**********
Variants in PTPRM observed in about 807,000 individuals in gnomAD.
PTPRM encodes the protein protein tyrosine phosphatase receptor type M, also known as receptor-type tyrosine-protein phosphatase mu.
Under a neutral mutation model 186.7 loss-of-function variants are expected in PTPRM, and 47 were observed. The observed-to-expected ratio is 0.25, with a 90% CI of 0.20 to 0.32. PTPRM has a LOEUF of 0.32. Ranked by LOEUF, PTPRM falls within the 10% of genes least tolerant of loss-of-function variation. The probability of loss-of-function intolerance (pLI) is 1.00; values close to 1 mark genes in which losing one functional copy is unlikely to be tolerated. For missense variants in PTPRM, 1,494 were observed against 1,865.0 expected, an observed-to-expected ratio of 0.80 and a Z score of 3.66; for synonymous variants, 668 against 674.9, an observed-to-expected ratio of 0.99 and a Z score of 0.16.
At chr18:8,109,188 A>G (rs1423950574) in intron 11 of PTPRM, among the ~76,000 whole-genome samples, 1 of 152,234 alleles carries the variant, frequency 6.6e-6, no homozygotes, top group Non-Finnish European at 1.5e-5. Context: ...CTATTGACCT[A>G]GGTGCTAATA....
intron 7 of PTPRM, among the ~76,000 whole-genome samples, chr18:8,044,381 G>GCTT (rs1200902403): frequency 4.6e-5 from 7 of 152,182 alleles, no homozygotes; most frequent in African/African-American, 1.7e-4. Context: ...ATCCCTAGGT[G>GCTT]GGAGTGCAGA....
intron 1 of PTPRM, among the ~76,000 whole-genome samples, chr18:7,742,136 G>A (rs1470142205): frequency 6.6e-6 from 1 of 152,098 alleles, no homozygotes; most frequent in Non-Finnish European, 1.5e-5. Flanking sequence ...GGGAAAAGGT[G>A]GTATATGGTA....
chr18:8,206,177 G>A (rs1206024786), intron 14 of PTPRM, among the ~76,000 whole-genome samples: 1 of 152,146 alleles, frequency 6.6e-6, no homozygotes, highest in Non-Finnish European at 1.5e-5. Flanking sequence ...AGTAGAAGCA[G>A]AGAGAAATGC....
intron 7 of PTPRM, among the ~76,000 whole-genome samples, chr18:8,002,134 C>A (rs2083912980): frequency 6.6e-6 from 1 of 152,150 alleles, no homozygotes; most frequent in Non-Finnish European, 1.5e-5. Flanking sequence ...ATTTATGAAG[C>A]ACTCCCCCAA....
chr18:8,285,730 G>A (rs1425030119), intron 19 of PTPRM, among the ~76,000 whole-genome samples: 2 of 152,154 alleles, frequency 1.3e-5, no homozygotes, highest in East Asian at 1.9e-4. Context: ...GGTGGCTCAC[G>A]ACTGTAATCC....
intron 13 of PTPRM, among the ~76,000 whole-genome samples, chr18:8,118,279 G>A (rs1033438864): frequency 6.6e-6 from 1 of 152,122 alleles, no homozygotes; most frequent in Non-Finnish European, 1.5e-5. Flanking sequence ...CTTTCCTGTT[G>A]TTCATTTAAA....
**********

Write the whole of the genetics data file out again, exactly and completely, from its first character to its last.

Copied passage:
Variants in PTPRM observed in about 807,000 individuals in gnomAD.
PTPRM encodes the protein protein tyrosine phosphatase receptor type M, also known as receptor-type tyrosine-protein phosphatase mu.
Under a neutral mutation model 186.7 loss-of-function variants are expected in PTPRM, and 47 were observed. The observed-to-expected ratio is 0.25, with a 90% CI of 0.20 to 0.32. PTPRM has a LOEUF of 0.32. Ranked by LOEUF, PTPRM falls within the 10% of genes least tolerant of loss-of-function variation. The probability of loss-of-function intolerance (pLI) is 1.00; values close to 1 mark genes in which losing one functional copy is unlikely to be tolerated. For missense variants in PTPRM, 1,494 were observed against 1,865.0 expected, an observed-to-expected ratio of 0.80 and a Z score of 3.66; for synonymous variants, 668 against 674.9, an observed-to-expected ratio of 0.99 and a Z score of 0.16.
At chr18:8,109,188 A>G (rs1423950574) in intron 11 of PTPRM, among the ~76,000 whole-genome samples, 1 of 152,234 alleles carries the variant, frequency 6.6e-6, no homozygotes, top group Non-Finnish European at 1.5e-5. Context: ...CTATTGACCT[A>G]GGTGCTAATA....
intron 7 of PTPRM, among the ~76,000 whole-genome samples, chr18:8,044,381 G>GCTT (rs1200902403): frequency 4.6e-5 from 7 of 152,182 alleles, no homozygotes; most frequent in African/African-American, 1.7e-4. Context: ...ATCCCTAGGT[G>GCTT]GGAGTGCAGA....
intron 1 of PTPRM, among the ~76,000 whole-genome samples, chr18:7,742,136 G>A (rs1470142205): frequency 6.6e-6 from 1 of 152,098 alleles, no homozygotes; most frequent in Non-Finnish European, 1.5e-5. Flanking sequence ...GGGAAAAGGT[G>A]GTATATGGTA....
chr18:8,206,177 G>A (rs1206024786), intron 14 of PTPRM, among the ~76,000 whole-genome samples: 1 of 152,146 alleles, frequency 6.6e-6, no homozygotes, highest in Non-Finnish European at 1.5e-5. Flanking sequence ...AGTAGAAGCA[G>A]AGAGAAATGC....
intron 7 of PTPRM, among the ~76,000 whole-genome samples, chr18:8,002,134 C>A (rs2083912980): frequency 6.6e-6 from 1 of 152,150 alleles, no homozygotes; most frequent in Non-Finnish European, 1.5e-5. Flanking sequence ...ATTTATGAAG[C>A]ACTCCCCCAA....
chr18:8,285,730 G>A (rs1425030119), intron 19 of PTPRM, among the ~76,000 whole-genome samples: 2 of 152,154 alleles, frequency 1.3e-5, no homozygotes, highest in East Asian at 1.9e-4. Context: ...GGTGGCTCAC[G>A]ACTGTAATCC....
intron 13 of PTPRM, among the ~76,000 whole-genome samples, chr18:8,118,279 G>A (rs1033438864): frequency 6.6e-6 from 1 of 152,122 alleles, no homozygotes; most frequent in Non-Finnish European, 1.5e-5. Flanking sequence ...CTTTCCTGTT[G>A]TTCATTTAAA....